And now we have yet another star, whose fan base keeps growing with every victory, and who endeared herself to European racing fans in much the same way Goldikova did in America. And that is Tepin, who took her six-race winning streak, all at a mile to 1 1/8 miles on grass, to Royal Ascot, where she defeated the best milers in Europe in the group I Queen Anne Stakes, despite racing on a straightaway for the first time, racing on an undulating course with a testing uphill run at the finish, and racing on soft ground with no Lasix and without the nasal strip she usually wears. It was a truly remarkable accomplishment, and elevated her already superstar status to another level, which can be witnessed in the many photos posted of her on Twitter and Facebook since her triumph at Ascot. Everyone wants to get close to her.

It is also possible we are witnessing the birth yet another superstar in the 3-year-old filly Songbird, who dominated her division last year and has begun her 3-year-old campaign by continuing her total domination of her opponents, none of whom have even made her raise a sweat in eight career starts. If she comes to Saratoga this summer and defeats better quality fillies in such prestigious races as the Coaching Club American Oaks and Alabama Stakes, then we can add her name to list of true superstars.

So, just think of it, since 2009, the majority of our equine heroes have been horses you never would have seen attain such popularity in the past, unless they were Pegasus reincarnated, like Ruffian, who earned a special place in racing lore.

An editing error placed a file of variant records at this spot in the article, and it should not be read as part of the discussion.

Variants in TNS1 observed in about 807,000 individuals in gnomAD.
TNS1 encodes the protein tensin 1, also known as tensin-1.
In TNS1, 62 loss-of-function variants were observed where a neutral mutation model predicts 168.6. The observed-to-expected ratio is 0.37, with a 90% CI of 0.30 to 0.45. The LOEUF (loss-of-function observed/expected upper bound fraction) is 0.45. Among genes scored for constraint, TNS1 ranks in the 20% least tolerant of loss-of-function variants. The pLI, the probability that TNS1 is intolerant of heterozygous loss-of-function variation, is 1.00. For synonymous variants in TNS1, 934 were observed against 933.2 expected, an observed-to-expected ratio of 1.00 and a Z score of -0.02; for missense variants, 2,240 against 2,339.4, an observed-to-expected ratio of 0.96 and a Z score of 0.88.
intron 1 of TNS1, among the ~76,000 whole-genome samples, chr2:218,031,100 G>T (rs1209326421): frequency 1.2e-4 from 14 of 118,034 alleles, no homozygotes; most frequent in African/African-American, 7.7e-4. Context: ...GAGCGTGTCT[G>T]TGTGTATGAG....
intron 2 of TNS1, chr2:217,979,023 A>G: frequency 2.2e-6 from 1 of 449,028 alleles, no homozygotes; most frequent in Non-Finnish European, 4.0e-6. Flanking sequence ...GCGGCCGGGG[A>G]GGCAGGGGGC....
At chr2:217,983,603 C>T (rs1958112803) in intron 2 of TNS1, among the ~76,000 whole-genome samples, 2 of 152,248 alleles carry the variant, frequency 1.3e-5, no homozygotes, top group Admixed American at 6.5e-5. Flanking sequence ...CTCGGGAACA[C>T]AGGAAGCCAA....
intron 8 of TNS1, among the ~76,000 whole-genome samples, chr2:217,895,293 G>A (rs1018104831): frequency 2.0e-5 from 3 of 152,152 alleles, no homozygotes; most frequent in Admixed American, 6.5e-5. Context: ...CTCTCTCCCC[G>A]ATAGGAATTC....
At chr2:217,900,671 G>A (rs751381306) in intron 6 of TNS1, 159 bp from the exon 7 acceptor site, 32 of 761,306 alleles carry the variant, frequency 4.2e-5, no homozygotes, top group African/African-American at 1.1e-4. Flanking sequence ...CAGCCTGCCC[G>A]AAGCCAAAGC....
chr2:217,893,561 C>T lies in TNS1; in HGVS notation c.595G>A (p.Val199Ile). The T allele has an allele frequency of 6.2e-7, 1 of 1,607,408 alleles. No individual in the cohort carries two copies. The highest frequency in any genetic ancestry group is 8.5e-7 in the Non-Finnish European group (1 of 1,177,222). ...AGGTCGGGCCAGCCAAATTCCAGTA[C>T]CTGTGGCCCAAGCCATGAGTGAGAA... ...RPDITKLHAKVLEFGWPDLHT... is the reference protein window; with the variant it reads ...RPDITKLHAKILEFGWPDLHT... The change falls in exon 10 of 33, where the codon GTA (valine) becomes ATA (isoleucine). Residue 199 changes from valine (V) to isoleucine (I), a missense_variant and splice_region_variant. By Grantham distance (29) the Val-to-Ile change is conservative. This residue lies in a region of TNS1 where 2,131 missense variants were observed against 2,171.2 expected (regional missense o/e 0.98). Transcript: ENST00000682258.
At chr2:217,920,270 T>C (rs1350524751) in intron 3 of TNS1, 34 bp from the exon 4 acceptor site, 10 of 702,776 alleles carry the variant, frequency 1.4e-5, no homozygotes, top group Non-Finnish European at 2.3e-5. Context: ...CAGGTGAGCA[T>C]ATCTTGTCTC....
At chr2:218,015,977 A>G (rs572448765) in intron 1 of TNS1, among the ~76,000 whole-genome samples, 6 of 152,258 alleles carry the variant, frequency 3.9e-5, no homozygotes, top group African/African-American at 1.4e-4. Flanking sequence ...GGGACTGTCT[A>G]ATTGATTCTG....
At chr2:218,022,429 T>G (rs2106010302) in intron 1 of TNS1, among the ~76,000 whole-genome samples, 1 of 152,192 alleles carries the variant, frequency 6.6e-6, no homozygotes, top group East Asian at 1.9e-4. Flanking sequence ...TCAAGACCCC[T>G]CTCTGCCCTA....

With today’s social media, not even Ruffian inspired the passion in people that Zenyatta did, or Rachel Alexandra. No European captured the imagination of the American public more than Goldikova did. Never would you have seen female specialists like Tepin, Groupie Doll, and Mizdirection earn the kind of hero status these fillies did. We have seen some terrific grass milers over the years, but none came even remotely close to earning the title as best horse in the country until Wise Dan came along. And when have you seen such popular foreign horses as sprinter Black Caviar, stayers Yeats and Makybe Diva, and the eight-to-10-furlong specialist Frankel?

Thoroughbred racing is embarking on a new era, where passions run feverishly high for our equine heroes, regardless in which division they compete. Yes, we love our classic horses like American Pharoah and California Chrome, but it no longer matters what sex a horse is, how old they are, or in which races they compete. Americans, and racing fans across the world, open their hearts to any equine athlete who displays the qualities of greatness and does it on a consistent basis. Compared to athletes in other sports, the flame of our equine stars burns only for a short period of time, so we must embrace our heroes as enthusiastically and passionately as we can for as long as they continue to enrich our lives.